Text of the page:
Countrywide's chairman and chief executive officer, Angelo Mozilo, personally handled Dodd's refinancing. This was under a special procedure for high profile loans called the "Friends of Angelo" program. "Dodd refinanced his Washington townhouse with a loan of $506,000 and refinanced his East Haddam home for $275,042." Conde Nast Portfolio estimates that the favorable rates accorded the then ranking member of the Finacial Services Committee were valuable: "The Conde Nast article stated that Dodd's 30-year loans were both designed to be at 4.875 percent, but the East Haddam loan was reduced to 4.5 percent and the Washington loan was dropped to 4.25 percent. Over the life of the loans, that saved the Dodds about $58,000 on their Washington home and $17,000 on the East Haddam home, according to the article. Countrywide also waived three-eighths of a point on one loan and one quarter of a point on the other."


The Center for Responsive Politics has tracked the cumulative contributions since 1989 from those associated with Fannie and Freddie. Senator is #1. Interestingly, Sen. Obama, although handicaped with only four years in Congress, has leapfrogged over the other 533 members of the House and Senate to achieve #2. Sen. McCain, however, appears to be in their now nationalized GSEs' doghouse. He has gotten less than one sixth what Obama has gotten and that is over a period five times as long:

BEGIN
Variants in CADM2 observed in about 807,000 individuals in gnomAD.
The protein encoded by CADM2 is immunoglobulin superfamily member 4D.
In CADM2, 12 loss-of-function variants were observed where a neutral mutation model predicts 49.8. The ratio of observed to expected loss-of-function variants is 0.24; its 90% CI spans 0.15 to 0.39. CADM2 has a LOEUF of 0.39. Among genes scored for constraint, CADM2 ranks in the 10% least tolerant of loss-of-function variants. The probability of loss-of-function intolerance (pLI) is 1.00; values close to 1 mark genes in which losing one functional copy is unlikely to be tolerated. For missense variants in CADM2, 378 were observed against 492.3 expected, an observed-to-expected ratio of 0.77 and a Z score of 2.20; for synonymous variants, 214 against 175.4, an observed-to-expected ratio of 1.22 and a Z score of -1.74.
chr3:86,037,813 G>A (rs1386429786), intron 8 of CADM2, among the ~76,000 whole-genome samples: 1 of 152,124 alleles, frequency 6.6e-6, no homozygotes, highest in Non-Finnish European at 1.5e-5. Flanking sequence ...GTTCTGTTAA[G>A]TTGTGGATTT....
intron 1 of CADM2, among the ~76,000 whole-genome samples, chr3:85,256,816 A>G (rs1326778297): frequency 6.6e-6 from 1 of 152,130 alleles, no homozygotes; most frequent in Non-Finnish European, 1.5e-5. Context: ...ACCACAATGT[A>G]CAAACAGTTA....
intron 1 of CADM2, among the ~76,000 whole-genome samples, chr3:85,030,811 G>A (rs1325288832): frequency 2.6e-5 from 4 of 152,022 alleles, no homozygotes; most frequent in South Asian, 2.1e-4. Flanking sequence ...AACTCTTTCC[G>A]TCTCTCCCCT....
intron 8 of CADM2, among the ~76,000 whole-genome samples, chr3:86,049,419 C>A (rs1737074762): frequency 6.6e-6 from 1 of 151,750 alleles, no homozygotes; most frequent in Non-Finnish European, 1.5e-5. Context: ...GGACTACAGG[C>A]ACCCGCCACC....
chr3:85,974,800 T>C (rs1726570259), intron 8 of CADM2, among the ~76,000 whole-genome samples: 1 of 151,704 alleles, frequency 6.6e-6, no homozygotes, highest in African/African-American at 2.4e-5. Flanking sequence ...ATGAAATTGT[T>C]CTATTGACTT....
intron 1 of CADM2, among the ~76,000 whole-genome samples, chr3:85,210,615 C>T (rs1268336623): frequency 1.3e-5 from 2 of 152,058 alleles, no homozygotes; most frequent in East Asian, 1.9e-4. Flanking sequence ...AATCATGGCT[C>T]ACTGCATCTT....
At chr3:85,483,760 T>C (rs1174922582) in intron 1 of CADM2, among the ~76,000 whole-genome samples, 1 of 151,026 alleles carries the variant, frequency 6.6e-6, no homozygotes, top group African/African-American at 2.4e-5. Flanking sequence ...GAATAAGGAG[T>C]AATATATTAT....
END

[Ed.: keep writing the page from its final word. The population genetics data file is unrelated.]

All Recipients of Fannie Mae and Freddie Mac Campaign Contributions, 1989-2008
Name Office State Party Grand Total Total from
Total from
Dodd, Christopher J S CT D $165,400 $48,500 $116,900
Obama, Barack S IL D $126,349 $6,000 $120,349
Kerry, John S MA D $111,000 $2,000 $109,000
Bennett, Robert F S UT R $107,999 $71,499 $36,500
Bachus, Spencer H AL R $103,300 $70,500 $32,800
Blunt, Roy H MO R $96,950 $78,500 $18,450
Kanjorski, Paul E H PA D $96,000 $57,500 $38,500
Bond, Christopher S 'Kit' S MO R $95,400 $64,000 $31,400
Shelby, Richard C S AL R $80,000 $23,000 $57,000
Reed, Jack S RI D $78,250 $43,500 $34,750
Reid, Harry S NV D $77,000 $60,500 $16,500
Clinton, Hillary S NY D $76,050 $8,000 $68,050
Davis, Tom H VA R $75,499 $13,999 $61,500
Boehner, John H OH R $67,750 $60,500 $7,250
Conrad, Kent S ND D $64,491 $22,000 $42,491